Will the policy of acquisition help create sustainable NHS organisations so that accessible and stable health services for local people continue to be provided? The answer is yes and no.

 The acquisition of ‘challenged’ trusts will, in the majority of cases, offer a quick managerial fix, thereby returning stability to the organisation and local health services. But it won’t necessarily create strategically sustainable services and the operational problems that precipitated acquisition in the first place may well reoccur. Furthermore, many small and medium size foundation trusts will also encounter difficulties as the economic challenges increase. Consequently, many FTs will increasingly find themselves having to make decisions about their own organisational futures.

 The challenges of maintaining income, controlling costs, responding to (anticipated) tougher commissioners and rising inflation will test all providers. Some will succeed and some will fail whilst others will muddle through. Those with some insight will seek mutually beneficial relationships, perhaps trying to agree complex arrangements for sharing income and covering costs without necessarily reducing them. But true success will lie with what will be a smaller number of visionary providers, for these are the ones who recognise the need to not just slavishly pursue acquisition but consider truly strategic mergers.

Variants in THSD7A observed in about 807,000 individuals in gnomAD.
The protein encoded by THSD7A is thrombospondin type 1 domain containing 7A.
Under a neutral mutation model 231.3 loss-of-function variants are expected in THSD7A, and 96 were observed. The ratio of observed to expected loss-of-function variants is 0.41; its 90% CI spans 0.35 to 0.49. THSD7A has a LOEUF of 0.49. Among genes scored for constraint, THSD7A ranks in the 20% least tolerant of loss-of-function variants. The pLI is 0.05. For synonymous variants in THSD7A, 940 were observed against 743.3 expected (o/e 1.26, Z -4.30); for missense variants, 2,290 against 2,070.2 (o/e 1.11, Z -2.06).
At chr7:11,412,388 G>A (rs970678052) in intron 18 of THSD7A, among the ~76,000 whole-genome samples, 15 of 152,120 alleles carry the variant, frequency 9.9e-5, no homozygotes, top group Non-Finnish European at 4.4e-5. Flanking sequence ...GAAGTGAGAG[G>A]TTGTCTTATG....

These visionaries will recognise the need to reinvent their organisation in another form in order to protect services and staff. For them it will be not just about creating critical mass to survive economic pressures but creating a truly strategic solution. Importantly, they will also recognise the need to dissolve their organisation in order to create something new. And this would then need public consultation on the proposed new organisation, which perhaps is no bad thing in the current climate of major concern over public services.

To pursue a strategic merger approach means taking a wider helicopter, rather than parochial opportunistic, view and seeking through merger the best solution that will create longer-term strategic sustainability. Perversely, and I’ll mention this quietly, it almost requires a top-down planning approach. I can hear the groans now across the NHS but perhaps sufficient time has now elapsed for a revisionist appraisal? After all, if you accept the view that a market-based competitive approach won’t fix everything do we have any plan B’s? No, I didn’t think so either.

Of course the NHS is used to quick managerial fixes, required in many cases to maintain services and assuage local political and consumer pressures.  And of course the quick-fix approach also reflects government short-termism with the desire to sort issues within a single parliament. But this is not always right - taking the more considered strategic approach may be harder but it is likely to result in more sustainable public services.